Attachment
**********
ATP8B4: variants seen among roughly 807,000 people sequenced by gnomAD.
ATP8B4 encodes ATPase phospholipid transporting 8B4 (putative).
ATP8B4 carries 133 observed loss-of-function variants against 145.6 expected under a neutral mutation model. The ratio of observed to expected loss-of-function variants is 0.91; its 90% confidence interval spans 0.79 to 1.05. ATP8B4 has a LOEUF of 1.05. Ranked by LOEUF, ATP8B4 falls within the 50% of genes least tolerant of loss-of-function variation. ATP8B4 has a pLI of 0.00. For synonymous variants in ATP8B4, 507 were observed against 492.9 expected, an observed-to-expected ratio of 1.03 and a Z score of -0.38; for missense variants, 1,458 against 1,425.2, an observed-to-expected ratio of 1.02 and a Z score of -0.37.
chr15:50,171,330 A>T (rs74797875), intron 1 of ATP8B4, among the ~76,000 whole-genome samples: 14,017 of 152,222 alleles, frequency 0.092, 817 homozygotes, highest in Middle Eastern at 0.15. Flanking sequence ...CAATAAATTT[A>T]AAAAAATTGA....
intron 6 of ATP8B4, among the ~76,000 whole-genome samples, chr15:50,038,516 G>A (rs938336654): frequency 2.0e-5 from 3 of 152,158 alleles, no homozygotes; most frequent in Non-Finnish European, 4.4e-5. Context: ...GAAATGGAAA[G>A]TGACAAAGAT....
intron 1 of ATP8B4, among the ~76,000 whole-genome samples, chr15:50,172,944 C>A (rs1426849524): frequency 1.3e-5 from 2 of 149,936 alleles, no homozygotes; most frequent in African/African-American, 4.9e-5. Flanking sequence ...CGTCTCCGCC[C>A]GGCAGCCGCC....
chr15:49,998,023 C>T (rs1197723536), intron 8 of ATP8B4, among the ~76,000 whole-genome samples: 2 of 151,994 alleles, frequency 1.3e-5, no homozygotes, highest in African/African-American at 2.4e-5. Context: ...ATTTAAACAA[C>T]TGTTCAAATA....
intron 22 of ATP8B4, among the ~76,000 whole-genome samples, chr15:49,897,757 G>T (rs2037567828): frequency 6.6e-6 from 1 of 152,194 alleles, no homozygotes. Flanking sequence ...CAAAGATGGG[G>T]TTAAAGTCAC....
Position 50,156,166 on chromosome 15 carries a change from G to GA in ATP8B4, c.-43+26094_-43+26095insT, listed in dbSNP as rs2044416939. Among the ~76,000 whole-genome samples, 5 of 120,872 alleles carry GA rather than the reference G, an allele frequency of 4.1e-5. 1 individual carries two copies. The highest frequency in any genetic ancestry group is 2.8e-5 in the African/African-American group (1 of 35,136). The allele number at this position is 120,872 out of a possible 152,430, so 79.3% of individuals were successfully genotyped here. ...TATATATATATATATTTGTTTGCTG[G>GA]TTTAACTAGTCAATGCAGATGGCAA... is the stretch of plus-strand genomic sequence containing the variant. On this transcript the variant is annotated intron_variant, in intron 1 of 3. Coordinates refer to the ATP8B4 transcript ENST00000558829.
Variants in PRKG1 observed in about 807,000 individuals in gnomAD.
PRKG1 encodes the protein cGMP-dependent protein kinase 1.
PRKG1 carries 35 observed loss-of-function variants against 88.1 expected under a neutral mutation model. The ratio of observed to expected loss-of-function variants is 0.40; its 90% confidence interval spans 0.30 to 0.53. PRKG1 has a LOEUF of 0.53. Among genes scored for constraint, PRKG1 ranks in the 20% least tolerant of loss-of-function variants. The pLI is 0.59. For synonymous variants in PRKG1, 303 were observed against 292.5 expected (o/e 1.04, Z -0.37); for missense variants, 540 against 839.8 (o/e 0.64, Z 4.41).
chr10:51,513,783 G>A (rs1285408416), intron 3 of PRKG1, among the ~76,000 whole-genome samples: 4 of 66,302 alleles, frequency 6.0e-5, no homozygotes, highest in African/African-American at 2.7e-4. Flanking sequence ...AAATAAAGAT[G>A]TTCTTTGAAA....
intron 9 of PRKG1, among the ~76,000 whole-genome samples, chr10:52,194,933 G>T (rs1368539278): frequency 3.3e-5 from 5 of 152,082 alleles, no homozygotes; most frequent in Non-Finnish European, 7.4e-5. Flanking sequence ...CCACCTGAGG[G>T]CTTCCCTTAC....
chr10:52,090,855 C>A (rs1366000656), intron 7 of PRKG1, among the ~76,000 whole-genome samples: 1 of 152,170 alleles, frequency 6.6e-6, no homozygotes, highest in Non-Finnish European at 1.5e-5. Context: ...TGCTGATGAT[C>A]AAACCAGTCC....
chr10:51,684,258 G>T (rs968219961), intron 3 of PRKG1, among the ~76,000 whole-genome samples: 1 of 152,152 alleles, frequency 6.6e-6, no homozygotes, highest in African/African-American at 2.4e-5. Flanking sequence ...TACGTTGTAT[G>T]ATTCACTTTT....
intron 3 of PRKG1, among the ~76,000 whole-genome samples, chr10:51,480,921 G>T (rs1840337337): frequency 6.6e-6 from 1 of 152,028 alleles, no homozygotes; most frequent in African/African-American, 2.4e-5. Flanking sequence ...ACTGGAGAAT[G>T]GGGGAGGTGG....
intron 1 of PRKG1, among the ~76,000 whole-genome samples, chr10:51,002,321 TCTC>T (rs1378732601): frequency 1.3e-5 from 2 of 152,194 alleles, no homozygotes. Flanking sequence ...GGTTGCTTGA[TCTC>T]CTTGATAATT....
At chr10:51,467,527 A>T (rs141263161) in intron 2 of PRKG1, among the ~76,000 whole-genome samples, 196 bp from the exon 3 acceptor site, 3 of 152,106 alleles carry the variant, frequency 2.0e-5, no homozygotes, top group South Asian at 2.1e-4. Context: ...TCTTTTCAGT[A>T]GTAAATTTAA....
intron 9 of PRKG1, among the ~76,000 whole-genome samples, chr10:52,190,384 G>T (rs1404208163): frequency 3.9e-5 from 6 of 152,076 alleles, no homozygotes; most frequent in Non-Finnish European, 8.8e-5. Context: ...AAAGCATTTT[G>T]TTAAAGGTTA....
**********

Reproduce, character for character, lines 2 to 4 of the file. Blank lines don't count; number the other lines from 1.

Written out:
ATP8B4 encodes ATPase phospholipid transporting 8B4 (putative).
ATP8B4 carries 133 observed loss-of-function variants against 145.6 expected under a neutral mutation model. The ratio of observed to expected loss-of-function variants is 0.91; its 90% confidence interval spans 0.79 to 1.05. ATP8B4 has a LOEUF of 1.05. Ranked by LOEUF, ATP8B4 falls within the 50% of genes least tolerant of loss-of-function variation. ATP8B4 has a pLI of 0.00. For synonymous variants in ATP8B4, 507 were observed against 492.9 expected, an observed-to-expected ratio of 1.03 and a Z score of -0.38; for missense variants, 1,458 against 1,425.2, an observed-to-expected ratio of 1.02 and a Z score of -0.37.
chr15:50,171,330 A>T (rs74797875), intron 1 of ATP8B4, among the ~76,000 whole-genome samples: 14,017 of 152,222 alleles, frequency 0.092, 817 homozygotes, highest in Middle Eastern at 0.15. Flanking sequence ...CAATAAATTT[A>T]AAAAAATTGA....